-- hot tea. nancy mace, of course is from south carolina. the first district in the state state of south carolina and not from georgia. i did paraphrase her correctly in that, joe, she was completely against the basic principle of why they were voting against
steve bannon. i guess she was saying it was for the reason that the house of representatives has to be available with subpoena power of the house has to be available for republicans that she says is going to take the house back. but really it's the issue of the house of representatives which was attacked. and separation of powers. and the legal authority at the house. joe. >> i think, you know, the fragile nature of our democracy, our republic, is based now on the premise that we're all playing by
the same rule book. whether it's democrats, republicans. and when some of this scoffing of congress, someone is humiliating congress as steve bannon is doing, we expect that both democrats, republicans, patriots stand up to protect the integrity of the congress. those nine, regardless of what their reasoning, and i -- i applaud them all doing this, even if for holding democrats in
the future accountable. look, they're all going to pay some political price. liz cheney probably top of the list of that. and i think when you see happening now, republicans are rallying around kevin mccarthy and other republicans against her. >> okay. thank you very much. joe crowley, thanks david jolly. we have breaking news from the supreme court on that controversial abortion law. nbc news' correspondent pete williams with details. >> they've taken challenges on sb 8 that banned abortion on six weeks of pregnancy. the courtological hear a straight-up challenge to the constitutionality of this law. that's the lawsuit that was provided by abortion providers in texas. that's the case that the supreme court declined in early september, to act on, to put it on hold. so the supreme court is now saying it will hear that case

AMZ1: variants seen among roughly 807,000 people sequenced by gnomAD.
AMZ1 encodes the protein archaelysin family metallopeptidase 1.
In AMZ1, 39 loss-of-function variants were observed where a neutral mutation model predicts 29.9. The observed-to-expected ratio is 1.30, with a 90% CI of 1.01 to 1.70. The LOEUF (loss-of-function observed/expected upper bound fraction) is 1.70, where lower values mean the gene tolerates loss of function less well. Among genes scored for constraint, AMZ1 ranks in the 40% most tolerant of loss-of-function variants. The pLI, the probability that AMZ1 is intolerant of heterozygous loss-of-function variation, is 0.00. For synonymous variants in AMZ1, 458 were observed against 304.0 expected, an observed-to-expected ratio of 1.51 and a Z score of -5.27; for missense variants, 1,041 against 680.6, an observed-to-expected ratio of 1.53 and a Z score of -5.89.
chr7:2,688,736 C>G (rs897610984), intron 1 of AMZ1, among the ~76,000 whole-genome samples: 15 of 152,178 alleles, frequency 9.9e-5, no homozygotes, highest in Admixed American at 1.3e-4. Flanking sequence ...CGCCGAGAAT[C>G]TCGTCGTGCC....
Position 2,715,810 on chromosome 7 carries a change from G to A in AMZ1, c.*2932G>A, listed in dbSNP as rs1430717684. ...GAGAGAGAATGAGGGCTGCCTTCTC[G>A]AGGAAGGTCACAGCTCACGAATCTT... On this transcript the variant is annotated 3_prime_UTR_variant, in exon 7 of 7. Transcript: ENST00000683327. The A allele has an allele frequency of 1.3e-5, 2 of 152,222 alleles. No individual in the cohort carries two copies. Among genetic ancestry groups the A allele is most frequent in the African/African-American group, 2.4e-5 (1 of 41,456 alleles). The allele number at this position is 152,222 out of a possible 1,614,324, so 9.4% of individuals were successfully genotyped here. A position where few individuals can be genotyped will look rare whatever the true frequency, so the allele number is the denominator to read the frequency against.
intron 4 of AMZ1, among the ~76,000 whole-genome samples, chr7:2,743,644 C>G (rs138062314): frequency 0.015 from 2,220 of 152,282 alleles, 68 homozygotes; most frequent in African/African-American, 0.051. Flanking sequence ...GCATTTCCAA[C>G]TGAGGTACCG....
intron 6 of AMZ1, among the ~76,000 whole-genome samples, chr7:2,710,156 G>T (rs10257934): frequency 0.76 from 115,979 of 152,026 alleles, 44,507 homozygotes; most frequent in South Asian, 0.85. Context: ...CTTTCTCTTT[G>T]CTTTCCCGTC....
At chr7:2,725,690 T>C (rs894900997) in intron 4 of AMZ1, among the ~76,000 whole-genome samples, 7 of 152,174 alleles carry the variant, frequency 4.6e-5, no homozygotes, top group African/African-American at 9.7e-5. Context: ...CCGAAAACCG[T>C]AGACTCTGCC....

november 1st. so it's acting with amazing speed here. it's going to hear a constitutional challenge to texas' sb8 on november 1. and on the same day, the supreme court will also hear that the federal government has brought against sb8. and the question in that case is not so much the constitutionality of the law, but the question of whether the federal government even has the legal right to sue texas over the law. the question that it's limited to is this one. may the u.s. bring suit in federal government and obtain injunctive or relief against the judges, state court clerks or officials are prohibited parties to provide it from being enforced. the way it's being worded that way, that's what the texas judge, judge pitman initially does, when he issued an order blocking sb8.